I thought it was a well regulated industry? Especially in Canada? Maybe not so green and sustainable after all? Unless you ignore the facts and rather believe eye-catching and superficial marketing campaigns.

This industry is now expanding here and throughout the Atlantic Provinces, and now others are taking notice of the waste-management problems associated with this industry. It’s time for all levels of government to act on this issue.

The David Suzuki foundation is tackling the issue of fur farming and pollution and sent a protest letter to Nova Scotia Premier Darrell Dexter and Nova Scotia Mink Breeders Association President Earl Prime: clean up fur-farming industry and protect water quality

Several studies in Nova Scotia have found the following:

The studies found that some of the lakes had more than 1,000 times the amounts of phosphorus and fecal coliforms normally found in natural water bodies.

Again: Is this green? Is fur sustainable and - as furisgreen.com says - 'eco-logical'? And this isn't china, this is Canada. A country that supposedly regulates the fur industry and where the fur trade is 'responsible', 'green' and carries the fur industry label origin assured.

The David Suzuki foundation technical brief also contains some interesting facts that shed a new light on this fur is green hype: The impacts of the mink industry on freshwater lakes in Nova Scotia:
An overview of concerns
(PDF)

There are approximately 40 mink operations with 1.4 million mink located near the headwater of
the Carleton River. The industry has grown by about 415 per cent since 1997. The Nova Scotia
mink industry has seen a steady climb in profit in recent year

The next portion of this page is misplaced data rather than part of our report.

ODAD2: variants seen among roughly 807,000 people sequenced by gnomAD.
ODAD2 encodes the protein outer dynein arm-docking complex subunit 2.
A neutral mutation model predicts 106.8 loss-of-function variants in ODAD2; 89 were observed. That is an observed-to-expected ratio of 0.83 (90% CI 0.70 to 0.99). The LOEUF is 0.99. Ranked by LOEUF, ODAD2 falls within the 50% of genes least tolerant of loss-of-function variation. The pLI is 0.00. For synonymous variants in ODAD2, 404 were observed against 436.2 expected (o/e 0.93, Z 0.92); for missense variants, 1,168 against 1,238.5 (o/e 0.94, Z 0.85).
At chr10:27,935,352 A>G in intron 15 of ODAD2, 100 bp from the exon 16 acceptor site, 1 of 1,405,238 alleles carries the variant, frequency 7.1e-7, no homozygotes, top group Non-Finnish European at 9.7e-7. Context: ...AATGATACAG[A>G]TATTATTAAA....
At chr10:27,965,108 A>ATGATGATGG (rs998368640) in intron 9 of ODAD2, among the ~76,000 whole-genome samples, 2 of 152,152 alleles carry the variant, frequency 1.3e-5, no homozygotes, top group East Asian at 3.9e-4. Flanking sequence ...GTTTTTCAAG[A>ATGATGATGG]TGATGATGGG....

So it is getting worse thanks to the increased popularity of fur... I thought the industry was getting more responsible, which makes people buy more fur. Or people are buying more fur because they are made to believe things that just aren't true, because millions and millions of dollars are going to marketing and providing young fashion designers with free fur to use in their designs.

The technical brief contains some startling numbers:

approximately 18,200 tonnes of manure will be produced annually by
the mink. This will include 455 tonnes of phosphorus and 910 tonnes of nitrogen from the manure
as well as 16,380,000 liters of urine annually that can affect surface and groundwater in the
watershed area. This does not take into account any phosphorus or nitrogen produced from waste
feed or chemical agents used in the farming process.

Remember, this is just for one area of Canada. The global fur industry is far bigger. Just imagine the sheer amount of pollution in the name of fashion, hypes and trends.

An example of the well regulated fur industry in Canada:

“Runoff flows into a 10 acre wet pasture that borders a stream”
“Runoff flows through the woods approximately 30 feet from the lake”
“Runoff flows into woods it is approximately 200 yards to the neighbouring lake”
“Runoff flows through the woods and into a natural wetland which flows into
Porcupine Lake”
All of these practices were deemed acceptable by the Nova Scotia Department of Agriculture.

After reading this post, do you think it is justified saying fur is eco fashion?

Do you?




Fur is green: greenwashing

I found this terrific blogpost the other day on the greenwashing blog on the campaign fur is green. You can read the full post here: Fur is Green: A Desperate Greenwash from the Fur Council of Canada

Claiming that fur and fur-trimmed products are “green”, “ecological”, or “environmental” is the equivalent of saying, “have a nice day”. There are no restrictions or regulations on using these terms and the fur industry has no independent endorsement or certification of its so-called commitment to the environment or “eco” practices.

This quote marks the spot exactly!